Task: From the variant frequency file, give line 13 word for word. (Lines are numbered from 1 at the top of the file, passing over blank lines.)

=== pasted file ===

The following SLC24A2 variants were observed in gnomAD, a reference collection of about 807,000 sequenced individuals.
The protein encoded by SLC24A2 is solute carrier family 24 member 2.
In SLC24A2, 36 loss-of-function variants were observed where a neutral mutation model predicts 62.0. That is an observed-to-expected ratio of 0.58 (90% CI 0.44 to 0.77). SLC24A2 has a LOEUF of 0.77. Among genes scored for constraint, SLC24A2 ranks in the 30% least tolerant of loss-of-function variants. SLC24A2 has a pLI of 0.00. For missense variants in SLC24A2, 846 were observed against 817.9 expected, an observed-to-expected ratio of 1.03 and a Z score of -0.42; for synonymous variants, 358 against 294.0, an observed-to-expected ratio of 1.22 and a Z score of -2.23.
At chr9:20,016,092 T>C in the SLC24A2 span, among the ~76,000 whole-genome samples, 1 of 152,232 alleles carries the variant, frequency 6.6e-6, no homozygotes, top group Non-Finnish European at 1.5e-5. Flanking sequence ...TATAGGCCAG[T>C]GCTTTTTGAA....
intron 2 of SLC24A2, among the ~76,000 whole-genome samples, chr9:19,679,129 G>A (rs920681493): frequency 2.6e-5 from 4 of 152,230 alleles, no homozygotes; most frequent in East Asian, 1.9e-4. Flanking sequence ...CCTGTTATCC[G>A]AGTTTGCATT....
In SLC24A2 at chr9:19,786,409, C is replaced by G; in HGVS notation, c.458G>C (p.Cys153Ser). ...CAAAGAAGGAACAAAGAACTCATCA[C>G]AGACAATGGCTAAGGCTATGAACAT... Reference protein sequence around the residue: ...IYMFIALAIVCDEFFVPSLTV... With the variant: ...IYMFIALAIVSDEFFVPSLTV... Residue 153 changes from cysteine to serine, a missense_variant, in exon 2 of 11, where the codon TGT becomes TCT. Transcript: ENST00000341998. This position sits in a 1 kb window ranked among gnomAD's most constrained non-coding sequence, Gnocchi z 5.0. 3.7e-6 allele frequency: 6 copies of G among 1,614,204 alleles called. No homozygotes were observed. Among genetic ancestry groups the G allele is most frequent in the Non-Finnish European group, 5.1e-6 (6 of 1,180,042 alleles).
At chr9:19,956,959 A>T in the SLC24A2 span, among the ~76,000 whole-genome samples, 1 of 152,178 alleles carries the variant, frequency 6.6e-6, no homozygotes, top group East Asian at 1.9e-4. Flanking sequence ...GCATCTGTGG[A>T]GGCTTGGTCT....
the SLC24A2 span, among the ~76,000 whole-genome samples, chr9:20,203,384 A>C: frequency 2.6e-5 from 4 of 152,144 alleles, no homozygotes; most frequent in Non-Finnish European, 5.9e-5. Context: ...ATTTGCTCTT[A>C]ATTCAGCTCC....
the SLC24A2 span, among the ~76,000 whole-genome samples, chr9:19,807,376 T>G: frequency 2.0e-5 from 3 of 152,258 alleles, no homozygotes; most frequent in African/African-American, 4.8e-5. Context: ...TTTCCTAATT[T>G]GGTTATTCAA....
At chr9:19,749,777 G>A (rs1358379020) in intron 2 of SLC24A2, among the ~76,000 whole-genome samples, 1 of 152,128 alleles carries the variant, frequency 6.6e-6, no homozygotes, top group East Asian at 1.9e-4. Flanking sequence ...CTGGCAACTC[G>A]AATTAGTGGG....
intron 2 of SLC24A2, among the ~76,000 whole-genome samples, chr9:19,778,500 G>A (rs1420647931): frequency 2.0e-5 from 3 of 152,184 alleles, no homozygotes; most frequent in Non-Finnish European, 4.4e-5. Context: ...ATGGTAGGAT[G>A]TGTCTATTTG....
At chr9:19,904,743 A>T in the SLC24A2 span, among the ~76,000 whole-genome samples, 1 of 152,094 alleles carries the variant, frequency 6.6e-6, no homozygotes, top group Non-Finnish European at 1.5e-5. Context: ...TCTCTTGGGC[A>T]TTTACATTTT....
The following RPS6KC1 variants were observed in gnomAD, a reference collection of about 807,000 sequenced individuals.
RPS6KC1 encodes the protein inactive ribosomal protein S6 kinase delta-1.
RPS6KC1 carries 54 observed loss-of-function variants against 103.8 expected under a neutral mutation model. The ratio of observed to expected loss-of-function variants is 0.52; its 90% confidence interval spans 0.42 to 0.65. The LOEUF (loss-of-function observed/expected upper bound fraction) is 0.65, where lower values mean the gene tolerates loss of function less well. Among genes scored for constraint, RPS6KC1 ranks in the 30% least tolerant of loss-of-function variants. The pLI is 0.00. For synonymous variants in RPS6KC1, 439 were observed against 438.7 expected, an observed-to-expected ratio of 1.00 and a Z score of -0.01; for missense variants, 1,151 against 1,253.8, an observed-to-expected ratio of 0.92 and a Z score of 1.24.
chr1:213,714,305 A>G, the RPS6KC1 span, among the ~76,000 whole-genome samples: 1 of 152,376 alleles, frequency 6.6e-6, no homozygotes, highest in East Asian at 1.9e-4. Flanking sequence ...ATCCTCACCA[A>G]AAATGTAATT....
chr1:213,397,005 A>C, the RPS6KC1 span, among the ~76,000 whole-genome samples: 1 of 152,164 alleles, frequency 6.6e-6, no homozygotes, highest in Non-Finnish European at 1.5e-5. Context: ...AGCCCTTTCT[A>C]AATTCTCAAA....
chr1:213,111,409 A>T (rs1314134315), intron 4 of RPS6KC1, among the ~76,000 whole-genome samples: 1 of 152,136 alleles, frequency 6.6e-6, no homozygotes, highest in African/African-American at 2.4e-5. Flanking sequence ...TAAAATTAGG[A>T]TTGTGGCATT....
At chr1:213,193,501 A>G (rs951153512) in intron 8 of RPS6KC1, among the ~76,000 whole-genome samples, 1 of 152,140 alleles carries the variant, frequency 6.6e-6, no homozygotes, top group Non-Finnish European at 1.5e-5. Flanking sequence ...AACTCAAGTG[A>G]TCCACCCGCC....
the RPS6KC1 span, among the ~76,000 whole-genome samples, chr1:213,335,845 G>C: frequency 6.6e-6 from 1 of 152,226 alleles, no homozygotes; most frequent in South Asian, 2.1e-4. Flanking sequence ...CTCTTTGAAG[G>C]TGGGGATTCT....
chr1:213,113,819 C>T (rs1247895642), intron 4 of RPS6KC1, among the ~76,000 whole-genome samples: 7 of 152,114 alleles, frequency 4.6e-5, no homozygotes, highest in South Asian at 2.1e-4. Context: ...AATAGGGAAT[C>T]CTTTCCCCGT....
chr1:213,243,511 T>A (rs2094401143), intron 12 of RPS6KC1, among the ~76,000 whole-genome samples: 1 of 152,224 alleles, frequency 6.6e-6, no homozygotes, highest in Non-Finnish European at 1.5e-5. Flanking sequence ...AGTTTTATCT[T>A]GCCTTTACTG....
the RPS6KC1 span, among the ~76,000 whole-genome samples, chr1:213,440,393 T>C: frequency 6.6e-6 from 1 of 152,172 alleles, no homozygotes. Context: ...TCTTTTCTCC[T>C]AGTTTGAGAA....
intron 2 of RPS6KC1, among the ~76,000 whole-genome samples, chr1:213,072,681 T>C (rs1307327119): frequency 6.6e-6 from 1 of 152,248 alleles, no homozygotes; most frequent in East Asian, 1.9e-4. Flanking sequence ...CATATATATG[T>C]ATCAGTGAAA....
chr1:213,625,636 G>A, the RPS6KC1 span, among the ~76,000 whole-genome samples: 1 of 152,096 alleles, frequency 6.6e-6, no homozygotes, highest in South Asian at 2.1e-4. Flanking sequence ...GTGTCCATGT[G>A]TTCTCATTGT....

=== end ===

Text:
The following RPS6KC1 variants were observed in gnomAD, a reference collection of about 807,000 sequenced individuals.